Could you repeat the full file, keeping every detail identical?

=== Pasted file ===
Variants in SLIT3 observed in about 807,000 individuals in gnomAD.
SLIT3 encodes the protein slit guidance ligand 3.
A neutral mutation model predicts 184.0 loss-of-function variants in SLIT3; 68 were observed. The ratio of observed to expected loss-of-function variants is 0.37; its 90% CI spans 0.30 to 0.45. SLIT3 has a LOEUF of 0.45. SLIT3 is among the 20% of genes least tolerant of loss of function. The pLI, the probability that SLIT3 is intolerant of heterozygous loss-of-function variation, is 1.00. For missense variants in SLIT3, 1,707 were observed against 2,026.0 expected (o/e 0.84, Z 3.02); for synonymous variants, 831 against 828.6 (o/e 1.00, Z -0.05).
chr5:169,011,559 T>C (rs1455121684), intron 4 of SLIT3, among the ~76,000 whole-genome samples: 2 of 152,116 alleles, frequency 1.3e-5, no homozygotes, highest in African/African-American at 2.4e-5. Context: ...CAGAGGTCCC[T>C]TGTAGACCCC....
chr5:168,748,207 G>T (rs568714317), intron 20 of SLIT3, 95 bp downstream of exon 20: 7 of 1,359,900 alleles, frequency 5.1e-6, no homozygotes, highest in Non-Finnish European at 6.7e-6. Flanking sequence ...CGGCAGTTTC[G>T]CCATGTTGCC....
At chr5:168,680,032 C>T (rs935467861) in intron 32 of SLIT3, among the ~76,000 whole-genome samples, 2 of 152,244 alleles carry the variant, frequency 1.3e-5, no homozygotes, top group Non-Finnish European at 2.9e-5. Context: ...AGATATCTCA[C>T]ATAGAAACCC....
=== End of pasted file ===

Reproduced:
Variants in SLIT3 observed in about 807,000 individuals in gnomAD.
SLIT3 encodes the protein slit guidance ligand 3.
A neutral mutation model predicts 184.0 loss-of-function variants in SLIT3; 68 were observed. The ratio of observed to expected loss-of-function variants is 0.37; its 90% CI spans 0.30 to 0.45. SLIT3 has a LOEUF of 0.45. SLIT3 is among the 20% of genes least tolerant of loss of function. The pLI, the probability that SLIT3 is intolerant of heterozygous loss-of-function variation, is 1.00. For missense variants in SLIT3, 1,707 were observed against 2,026.0 expected (o/e 0.84, Z 3.02); for synonymous variants, 831 against 828.6 (o/e 1.00, Z -0.05).
chr5:169,011,559 T>C (rs1455121684), intron 4 of SLIT3, among the ~76,000 whole-genome samples: 2 of 152,116 alleles, frequency 1.3e-5, no homozygotes, highest in African/African-American at 2.4e-5. Context: ...CAGAGGTCCC[T>C]TGTAGACCCC....
chr5:168,748,207 G>T (rs568714317), intron 20 of SLIT3, 95 bp downstream of exon 20: 7 of 1,359,900 alleles, frequency 5.1e-6, no homozygotes, highest in Non-Finnish European at 6.7e-6. Flanking sequence ...CGGCAGTTTC[G>T]CCATGTTGCC....
At chr5:168,680,032 C>T (rs935467861) in intron 32 of SLIT3, among the ~76,000 whole-genome samples, 2 of 152,244 alleles carry the variant, frequency 1.3e-5, no homozygotes, top group Non-Finnish European at 2.9e-5. Context: ...AGATATCTCA[C>T]ATAGAAACCC....